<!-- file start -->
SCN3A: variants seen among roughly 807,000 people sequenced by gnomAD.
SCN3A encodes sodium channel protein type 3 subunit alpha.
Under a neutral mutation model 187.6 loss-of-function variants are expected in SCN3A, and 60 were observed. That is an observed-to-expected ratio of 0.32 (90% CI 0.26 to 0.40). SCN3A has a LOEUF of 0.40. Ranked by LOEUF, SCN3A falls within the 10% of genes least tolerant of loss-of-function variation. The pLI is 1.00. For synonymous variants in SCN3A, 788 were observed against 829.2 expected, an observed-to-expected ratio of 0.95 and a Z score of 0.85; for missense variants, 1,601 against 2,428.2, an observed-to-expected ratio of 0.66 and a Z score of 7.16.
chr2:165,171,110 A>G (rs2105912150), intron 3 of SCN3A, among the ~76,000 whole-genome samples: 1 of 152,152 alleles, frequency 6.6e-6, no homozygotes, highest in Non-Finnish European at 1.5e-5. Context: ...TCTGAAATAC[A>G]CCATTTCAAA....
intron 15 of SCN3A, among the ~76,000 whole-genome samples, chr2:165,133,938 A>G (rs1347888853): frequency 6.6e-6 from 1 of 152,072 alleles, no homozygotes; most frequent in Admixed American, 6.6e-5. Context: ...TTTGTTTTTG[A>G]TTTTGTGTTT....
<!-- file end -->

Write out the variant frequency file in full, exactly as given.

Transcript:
SCN3A: variants seen among roughly 807,000 people sequenced by gnomAD.
SCN3A encodes sodium channel protein type 3 subunit alpha.
Under a neutral mutation model 187.6 loss-of-function variants are expected in SCN3A, and 60 were observed. That is an observed-to-expected ratio of 0.32 (90% CI 0.26 to 0.40). SCN3A has a LOEUF of 0.40. Ranked by LOEUF, SCN3A falls within the 10% of genes least tolerant of loss-of-function variation. The pLI is 1.00. For synonymous variants in SCN3A, 788 were observed against 829.2 expected, an observed-to-expected ratio of 0.95 and a Z score of 0.85; for missense variants, 1,601 against 2,428.2, an observed-to-expected ratio of 0.66 and a Z score of 7.16.
chr2:165,171,110 A>G (rs2105912150), intron 3 of SCN3A, among the ~76,000 whole-genome samples: 1 of 152,152 alleles, frequency 6.6e-6, no homozygotes, highest in Non-Finnish European at 1.5e-5. Context: ...TCTGAAATAC[A>G]CCATTTCAAA....
intron 15 of SCN3A, among the ~76,000 whole-genome samples, chr2:165,133,938 A>G (rs1347888853): frequency 6.6e-6 from 1 of 152,072 alleles, no homozygotes; most frequent in Admixed American, 6.6e-5. Context: ...TTTGTTTTTG[A>G]TTTTGTGTTT....